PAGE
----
Representative Mike Bost (IL-12) continues to support President Donald Trump by opposing impeachment and disputing the results of the 2020 election despite the Jan. 6 insurrection at the Capitol.
On Wednesday, Bost voted against the second impeachment of Trump and said in a statement:
“If we are truly going to begin the work of healing the deep divisions in America, we must first turn down the temperature and tone down the rhetoric. I fear that efforts to impeach President Trump or force Vice President Pence to invoke the 25th Amendment will only make a bad situation worse. Therefore, I strongly oppose Speaker Pelosi on both tactics, which are being rushed through Congress with unprecedented speed and little opportunity for the president to defend himself. President Trump has committed to a peaceful transition of power one week from today; and we would all be best served by dedicating that short time to making the process as seamless as possible.”
Bost condemned the Jan. 6 violence at the Capitol by calling it “un-American” in a statement, but he has not publicly condemned Trump or his rhetoric.
In an interview with WSIL News 3, Mark Kiesling asked Bost whether he thought Trump or Trump’s son who spoke to protesters at a rally before the riots took place were culpable in inciting the mob that stormed the Capitol.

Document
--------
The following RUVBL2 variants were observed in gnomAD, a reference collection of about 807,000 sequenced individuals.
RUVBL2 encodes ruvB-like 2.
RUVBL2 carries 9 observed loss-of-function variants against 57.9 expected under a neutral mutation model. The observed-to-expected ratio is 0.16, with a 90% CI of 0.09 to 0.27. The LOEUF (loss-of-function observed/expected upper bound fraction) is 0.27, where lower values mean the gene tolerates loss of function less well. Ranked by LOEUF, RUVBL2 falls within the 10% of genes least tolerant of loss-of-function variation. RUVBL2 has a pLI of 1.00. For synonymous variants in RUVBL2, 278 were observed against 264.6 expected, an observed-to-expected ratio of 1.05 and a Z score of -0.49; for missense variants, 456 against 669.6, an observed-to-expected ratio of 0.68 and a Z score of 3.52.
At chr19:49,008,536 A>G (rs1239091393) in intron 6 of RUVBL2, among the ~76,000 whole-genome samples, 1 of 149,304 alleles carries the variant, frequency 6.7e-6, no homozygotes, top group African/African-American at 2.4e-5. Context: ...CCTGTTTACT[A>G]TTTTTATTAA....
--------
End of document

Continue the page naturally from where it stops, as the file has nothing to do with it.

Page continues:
“I don’t think they are culpable,” Bost said. “Many people have never liked how Donald Trump speaks. He’s a New York business guy and he kinda just lets it fly out there. The problem is that, and remember he’s never claimed to be a politician, many people who have served in these offices have to be careful on the words they say. No matter what a person says it doesn’t justify violating the law.”
(See more: WSIL News 3 interview with Mike Bost).
A closer look at what Trump said to his supporters just before they stormed the Capitol, where he told them to “fight like hell” and that he was going to accompany them to the Capitol can be found below.
These acts and others resulted in Trump being impeached for the second time on charges of “incitement of insurrection” and led to him being banned from Twitter, Facebook and Instagram.
(See more: Incitement to Riot? What Trump Told Supporters Before Mob Stormed Capitol)